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READER POLL 2017
We promise this won’t (really) hurt.

Wanna win a new surfboard? We have a custom Chilli ‘Black Vulture’ to gift (plus all the trim you’d expect from a premium dealer). To be in the running, just answer a few questions for us. It won’t take long.

Close
Close READER POLL 2017
We promise this won't (really) hurt.

Wanna win a new surfboard? We have a custom Chilli ‘Black Vulture’ to gift (plus all the trim you’d expect from a premium dealer). To be in the running, just answer a few questions for us. It won’t take long.

Billabong's Entire Boardshort Line (From Here On Out) Will Be Made From Single Use Plastics

You'd be forgiven for switching to cynical mode on hearing "plastic" mentioned in a marketing campaign...again. 

Yes, it's the time of the great plastic about turn, where companies around the globe—who've been making barn-loads for decades by using inexpensive plastic for everything—suddenly profess to give a hoot about the environment in a bid to sell more landfill-fodder on the back of the PR hit...

Now that we got that out of our system(s), let's remember that Bong came out with their first pair of recycled trunks over a decade ago. So kudos on the long game.

 

Phew, we can move on to Bong's latest boardshort campaign, which is way less ambiguous than the usual "we're partnering with (see: throwing tax-deductible coin at) some charity you've never heard of, and together we're going to clean up the ocean!" spiel you come across. It's called the Billabong Recycler, they've just implemented across the manufacturing of all their trunks (first 100% range Spring '19), and it's simple: you take plastic bottles, and make boardshorts.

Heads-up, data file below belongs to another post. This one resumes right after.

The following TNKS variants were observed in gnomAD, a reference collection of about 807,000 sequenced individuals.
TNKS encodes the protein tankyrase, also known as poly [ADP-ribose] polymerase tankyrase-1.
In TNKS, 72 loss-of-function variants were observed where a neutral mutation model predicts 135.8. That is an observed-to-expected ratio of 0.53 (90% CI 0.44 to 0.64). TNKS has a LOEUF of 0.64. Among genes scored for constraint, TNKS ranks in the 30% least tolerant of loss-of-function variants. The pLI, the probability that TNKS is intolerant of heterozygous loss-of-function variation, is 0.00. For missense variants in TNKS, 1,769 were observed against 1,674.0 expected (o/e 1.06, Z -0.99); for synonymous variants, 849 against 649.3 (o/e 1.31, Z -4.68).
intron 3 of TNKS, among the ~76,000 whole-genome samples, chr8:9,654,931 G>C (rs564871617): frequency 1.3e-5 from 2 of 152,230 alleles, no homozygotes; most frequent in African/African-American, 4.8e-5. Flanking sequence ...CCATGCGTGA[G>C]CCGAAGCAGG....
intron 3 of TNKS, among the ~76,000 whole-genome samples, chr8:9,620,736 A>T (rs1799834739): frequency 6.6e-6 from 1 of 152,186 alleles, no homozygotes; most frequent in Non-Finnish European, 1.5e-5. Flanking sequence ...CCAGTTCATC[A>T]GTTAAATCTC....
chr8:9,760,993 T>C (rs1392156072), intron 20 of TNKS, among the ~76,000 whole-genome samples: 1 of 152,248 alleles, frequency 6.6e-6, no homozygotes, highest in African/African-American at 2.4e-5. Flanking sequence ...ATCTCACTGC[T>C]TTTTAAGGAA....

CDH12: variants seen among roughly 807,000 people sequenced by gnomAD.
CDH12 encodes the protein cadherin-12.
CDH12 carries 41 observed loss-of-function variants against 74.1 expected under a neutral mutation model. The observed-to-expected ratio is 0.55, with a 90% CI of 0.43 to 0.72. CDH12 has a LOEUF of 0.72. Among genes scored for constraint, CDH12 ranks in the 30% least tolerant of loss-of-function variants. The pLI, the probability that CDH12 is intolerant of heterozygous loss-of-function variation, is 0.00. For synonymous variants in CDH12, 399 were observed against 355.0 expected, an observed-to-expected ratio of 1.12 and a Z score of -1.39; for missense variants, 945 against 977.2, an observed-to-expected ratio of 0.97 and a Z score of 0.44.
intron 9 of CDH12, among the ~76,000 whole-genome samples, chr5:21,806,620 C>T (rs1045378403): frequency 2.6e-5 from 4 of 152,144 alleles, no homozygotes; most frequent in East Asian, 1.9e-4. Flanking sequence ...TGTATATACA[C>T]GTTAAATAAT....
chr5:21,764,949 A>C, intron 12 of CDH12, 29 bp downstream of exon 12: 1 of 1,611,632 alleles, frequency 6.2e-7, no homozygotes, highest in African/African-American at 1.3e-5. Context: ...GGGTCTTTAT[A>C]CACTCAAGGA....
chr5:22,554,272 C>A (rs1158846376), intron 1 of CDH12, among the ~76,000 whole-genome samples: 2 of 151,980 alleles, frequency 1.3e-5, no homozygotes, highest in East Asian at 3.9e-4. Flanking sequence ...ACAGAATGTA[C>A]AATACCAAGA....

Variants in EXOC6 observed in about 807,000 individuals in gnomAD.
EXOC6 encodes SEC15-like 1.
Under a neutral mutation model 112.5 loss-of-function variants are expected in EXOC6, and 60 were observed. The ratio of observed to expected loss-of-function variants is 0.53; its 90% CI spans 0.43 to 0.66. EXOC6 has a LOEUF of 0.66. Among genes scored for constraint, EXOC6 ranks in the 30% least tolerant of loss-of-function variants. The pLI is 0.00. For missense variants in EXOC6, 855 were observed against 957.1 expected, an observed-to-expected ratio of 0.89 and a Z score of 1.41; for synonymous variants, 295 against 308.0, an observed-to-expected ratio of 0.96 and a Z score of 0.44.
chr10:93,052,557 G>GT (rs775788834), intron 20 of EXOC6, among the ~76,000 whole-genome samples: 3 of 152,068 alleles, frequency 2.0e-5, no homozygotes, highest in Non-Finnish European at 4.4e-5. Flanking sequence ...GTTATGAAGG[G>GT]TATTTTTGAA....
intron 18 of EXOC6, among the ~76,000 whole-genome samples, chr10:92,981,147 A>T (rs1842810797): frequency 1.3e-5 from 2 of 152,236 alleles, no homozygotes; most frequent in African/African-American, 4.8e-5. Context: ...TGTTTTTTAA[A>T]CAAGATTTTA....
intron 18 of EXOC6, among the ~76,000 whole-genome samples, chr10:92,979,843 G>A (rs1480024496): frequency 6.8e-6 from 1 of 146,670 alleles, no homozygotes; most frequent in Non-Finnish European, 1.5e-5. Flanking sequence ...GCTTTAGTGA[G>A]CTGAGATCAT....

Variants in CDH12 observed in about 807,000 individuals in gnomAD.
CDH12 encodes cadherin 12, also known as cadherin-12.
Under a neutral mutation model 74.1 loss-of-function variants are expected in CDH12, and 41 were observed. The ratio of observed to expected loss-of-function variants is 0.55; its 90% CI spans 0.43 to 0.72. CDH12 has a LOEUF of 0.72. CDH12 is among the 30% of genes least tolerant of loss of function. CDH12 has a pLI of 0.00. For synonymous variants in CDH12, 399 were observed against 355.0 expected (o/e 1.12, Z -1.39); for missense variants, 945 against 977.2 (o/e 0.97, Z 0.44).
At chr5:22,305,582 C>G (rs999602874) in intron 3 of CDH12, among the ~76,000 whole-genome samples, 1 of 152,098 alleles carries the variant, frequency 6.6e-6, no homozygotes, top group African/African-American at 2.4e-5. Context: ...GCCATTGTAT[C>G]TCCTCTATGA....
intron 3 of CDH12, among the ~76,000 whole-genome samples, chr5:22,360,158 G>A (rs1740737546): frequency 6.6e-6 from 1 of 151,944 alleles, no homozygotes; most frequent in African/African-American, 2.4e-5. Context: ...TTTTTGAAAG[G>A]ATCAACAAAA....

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We have a pipeline of sustainable initiatives across not only the products that we make but the way we run our business.
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Now they're making the process universal, which is certainly better than nothing as far as your footprint whilst still manufacturing is concerned. The process is neat. Bong's manufacturing locales intercept PET (Polyethylene terephthalate) bottles between the use phase and the landfill phase, and then put them through a process that turns them into chips. The chips then go through a number of fine "extrusion" (the method used to create objects of a fixed cross-sectional profile) processes that yields a type of yarn. The yarn's then spun with the other secret ingredients that make a pair of Bong trunks, and there you have it. A more-eco-than-usual pair of surfing shorts.

One of the finest boardshort-horses in the biz, Mr Ethan Ewing.

The cool thing here is that rather than being a one off marketing ploy, Bong is introducing this across the board. From the Spring range on, all their trunks will be made from this stuff. Bong VP Creative Brad Lancaster admits that the brand has "a long way to go," but explains that it's not going to stop them from trying. "It’s a long journey we’re on, but we’re optimistic we can continue to improve and make a difference," he says. "We have a pipeline of sustainable initiatives across not only the products that we make but the way we run our business."

You know you’re getting on when you start getting lapped by trends. My two favourites from the above rack (but a sample of the entire Bong fleet, which by the way is very tasteful) are the turquoise pair on the left, and the Keith Haring style navy ones in the middle. Both for nostalgic reasons: had a pair of turquoise Curl trunks around the same time I tried my first ecstasy tablet, and a similar pair of Mambo rash-makers back when, well, Mambo was still a thing. Strange memories on this cloudy Monday.

If you're in need of some new trunks that are slightly lighter on the conscience, then dive in here. 

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